The  BAC  model  predicts  certain  effects  according  to  BAC.  DUI  laws  specify  a  penalty  for  higher   concentrations  of  BAC.  The  following  table  describes  notable  relationships:

BAC   0.00   0.00–0.04   0.04–0.08   0.08–0.10   ≥0.10

Description   Safe  to   Drive

Some   Impairment

Driving  Skills   Significantly   Affected

Criminal  Penalties   in  Most  US  States

Legally  Intoxicated  -­‐   Criminal  Penalties  in  All  US   States

For  each  category,  the  lower  bound  is  strict;  that  is  a  driver  with  BAC=0.08  is  in  the  “Criminal   Penalties  in  Most  US  States”  category.  The  only  exception  is  “Some  Impairment”,  which  begins   at  any  value  above  0.

To  the  above  table  we  add  the  additional  information  that  if  the  concentration  is  above  0.30,   death  is  possible.

Our  ultimate  goal  is  to  write  a  program  that  allows  the  user  to  enter  the  weight,  sex  and  time   since  last  drink,  and  then  prints  out  a  table  of  information  showing  the  status  according  to  the   BAC

Below  is  a  sample  output  (with  proper  formatting):

Enter your weight (in lbs): 150 How many minutes has it been since your last drink? 0 Enter your sex as M or F: F 150 pounds, female, 0 minutes since last drink # drinks BAC Status 0 0.000 Safe To Drive 1 0.030 Some Impairment 2 0.060 Driving Skills Significantly Affected 3 0.090 Criminal Penalties in Most US States 4 0.120 Legally Intoxicated – Criminal Penalties in All US States 5 0.150 Legally Intoxicated – Criminal Penalties in All US States 6 0.180 Legally Intoxicated – Criminal Penalties in All US States 7 0.210 Legally Intoxicated – Criminal Penalties in All US States 8 0.240 Legally Intoxicated – Criminal Penalties in All US States 9 0.270 Legally Intoxicated – Criminal Penalties in All US States 10 0.300 Legally Intoxicated – Criminal Penalties in All US States 11 0.330 Death is Possible!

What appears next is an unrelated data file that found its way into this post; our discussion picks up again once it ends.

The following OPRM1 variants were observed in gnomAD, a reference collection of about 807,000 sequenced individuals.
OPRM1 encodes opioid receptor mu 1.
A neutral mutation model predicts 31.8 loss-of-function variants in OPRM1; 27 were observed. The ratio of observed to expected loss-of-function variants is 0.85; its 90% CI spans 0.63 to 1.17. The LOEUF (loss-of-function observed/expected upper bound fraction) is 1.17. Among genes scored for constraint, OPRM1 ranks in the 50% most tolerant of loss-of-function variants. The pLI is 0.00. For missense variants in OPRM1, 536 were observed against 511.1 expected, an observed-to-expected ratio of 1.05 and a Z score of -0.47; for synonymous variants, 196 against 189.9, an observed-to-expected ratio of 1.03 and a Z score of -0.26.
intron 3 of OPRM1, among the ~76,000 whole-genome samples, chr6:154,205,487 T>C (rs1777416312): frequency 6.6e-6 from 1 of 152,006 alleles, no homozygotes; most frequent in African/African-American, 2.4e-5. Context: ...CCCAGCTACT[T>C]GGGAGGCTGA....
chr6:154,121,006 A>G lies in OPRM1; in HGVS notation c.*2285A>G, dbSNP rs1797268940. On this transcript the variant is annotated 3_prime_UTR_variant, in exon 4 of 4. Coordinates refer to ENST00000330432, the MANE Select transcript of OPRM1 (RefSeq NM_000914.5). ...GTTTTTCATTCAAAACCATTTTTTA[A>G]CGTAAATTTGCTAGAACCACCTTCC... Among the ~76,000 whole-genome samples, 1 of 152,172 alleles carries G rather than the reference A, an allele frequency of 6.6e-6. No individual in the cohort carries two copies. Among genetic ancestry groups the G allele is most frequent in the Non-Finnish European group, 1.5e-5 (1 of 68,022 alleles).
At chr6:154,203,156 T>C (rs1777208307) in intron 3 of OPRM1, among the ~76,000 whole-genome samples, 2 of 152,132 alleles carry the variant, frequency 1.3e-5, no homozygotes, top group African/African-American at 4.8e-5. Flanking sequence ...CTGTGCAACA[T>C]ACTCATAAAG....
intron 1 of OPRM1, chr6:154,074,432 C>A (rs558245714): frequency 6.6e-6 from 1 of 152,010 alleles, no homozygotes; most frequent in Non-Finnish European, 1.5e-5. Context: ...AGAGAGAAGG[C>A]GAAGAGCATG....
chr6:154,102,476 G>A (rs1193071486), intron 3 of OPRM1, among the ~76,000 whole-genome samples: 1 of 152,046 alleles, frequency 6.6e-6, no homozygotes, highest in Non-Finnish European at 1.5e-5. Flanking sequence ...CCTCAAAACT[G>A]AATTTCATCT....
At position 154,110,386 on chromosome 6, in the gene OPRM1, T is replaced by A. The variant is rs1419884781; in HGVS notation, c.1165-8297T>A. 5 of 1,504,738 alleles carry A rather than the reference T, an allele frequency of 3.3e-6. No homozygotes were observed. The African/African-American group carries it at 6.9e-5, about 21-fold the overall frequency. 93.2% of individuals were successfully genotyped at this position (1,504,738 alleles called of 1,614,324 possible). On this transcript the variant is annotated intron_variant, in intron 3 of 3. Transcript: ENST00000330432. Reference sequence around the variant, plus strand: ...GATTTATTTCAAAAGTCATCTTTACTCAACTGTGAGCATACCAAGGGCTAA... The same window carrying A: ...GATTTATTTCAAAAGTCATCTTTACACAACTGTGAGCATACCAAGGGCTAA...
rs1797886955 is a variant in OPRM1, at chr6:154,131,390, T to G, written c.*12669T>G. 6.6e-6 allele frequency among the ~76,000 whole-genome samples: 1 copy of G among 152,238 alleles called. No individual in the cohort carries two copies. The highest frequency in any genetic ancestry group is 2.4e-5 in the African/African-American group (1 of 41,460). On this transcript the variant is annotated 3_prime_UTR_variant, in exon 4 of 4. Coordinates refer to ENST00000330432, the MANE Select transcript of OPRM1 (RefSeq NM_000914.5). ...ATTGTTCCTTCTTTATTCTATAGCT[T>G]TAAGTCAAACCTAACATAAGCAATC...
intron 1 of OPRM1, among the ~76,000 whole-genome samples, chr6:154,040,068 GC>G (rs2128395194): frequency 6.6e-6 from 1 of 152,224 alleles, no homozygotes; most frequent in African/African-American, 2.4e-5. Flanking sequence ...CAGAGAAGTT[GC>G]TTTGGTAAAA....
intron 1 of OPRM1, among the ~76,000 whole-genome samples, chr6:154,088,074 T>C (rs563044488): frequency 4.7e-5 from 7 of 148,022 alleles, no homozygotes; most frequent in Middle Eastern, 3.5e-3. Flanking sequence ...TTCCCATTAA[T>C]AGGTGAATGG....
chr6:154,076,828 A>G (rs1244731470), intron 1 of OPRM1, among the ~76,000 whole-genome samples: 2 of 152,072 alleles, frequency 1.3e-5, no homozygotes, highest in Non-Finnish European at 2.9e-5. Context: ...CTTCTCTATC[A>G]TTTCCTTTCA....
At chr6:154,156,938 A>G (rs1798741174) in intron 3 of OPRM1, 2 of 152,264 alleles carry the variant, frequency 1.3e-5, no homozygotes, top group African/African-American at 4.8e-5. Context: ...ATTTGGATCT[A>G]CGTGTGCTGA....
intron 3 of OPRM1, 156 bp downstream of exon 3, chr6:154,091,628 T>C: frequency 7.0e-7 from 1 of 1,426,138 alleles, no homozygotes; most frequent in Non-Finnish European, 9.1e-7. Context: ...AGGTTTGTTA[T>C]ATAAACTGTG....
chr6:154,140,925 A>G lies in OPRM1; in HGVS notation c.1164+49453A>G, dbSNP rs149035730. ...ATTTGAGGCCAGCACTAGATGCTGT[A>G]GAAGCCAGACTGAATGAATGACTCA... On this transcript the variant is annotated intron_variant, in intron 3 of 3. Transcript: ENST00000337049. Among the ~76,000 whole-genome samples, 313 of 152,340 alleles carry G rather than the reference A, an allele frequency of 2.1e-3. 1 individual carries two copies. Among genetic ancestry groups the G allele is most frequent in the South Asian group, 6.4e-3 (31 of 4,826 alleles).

We  help  you  develop  this  program  by  describing  a  series  of  functions.  You  will  have  additional   latitude  in  design,  so  will  also  submit  your  source  code  and  output  on  Blackboard  to  be  looked   at  by  the  graders.

Using  the  information  given  above,  design  and  implement  a  function  that  has  the  following   prototype:

void computeBloodAlcoholConcentration(int numDrinks, int weight, int duration, double &maleBAC, double &femaleBAC);

This  function  computes  the  blood  alcohol  concentration  for  the  given  number  of  drinks,  the   given  weight,  and  the  given  elapsed  time  since  the  last  drink  (duration).  It  returns  via  reference   parameters  both  the  male  and  female  blood  concentrations  for  that.

Note:    Error  tolerance  in  answers  returned  by  computeBloodAlcoholConcentration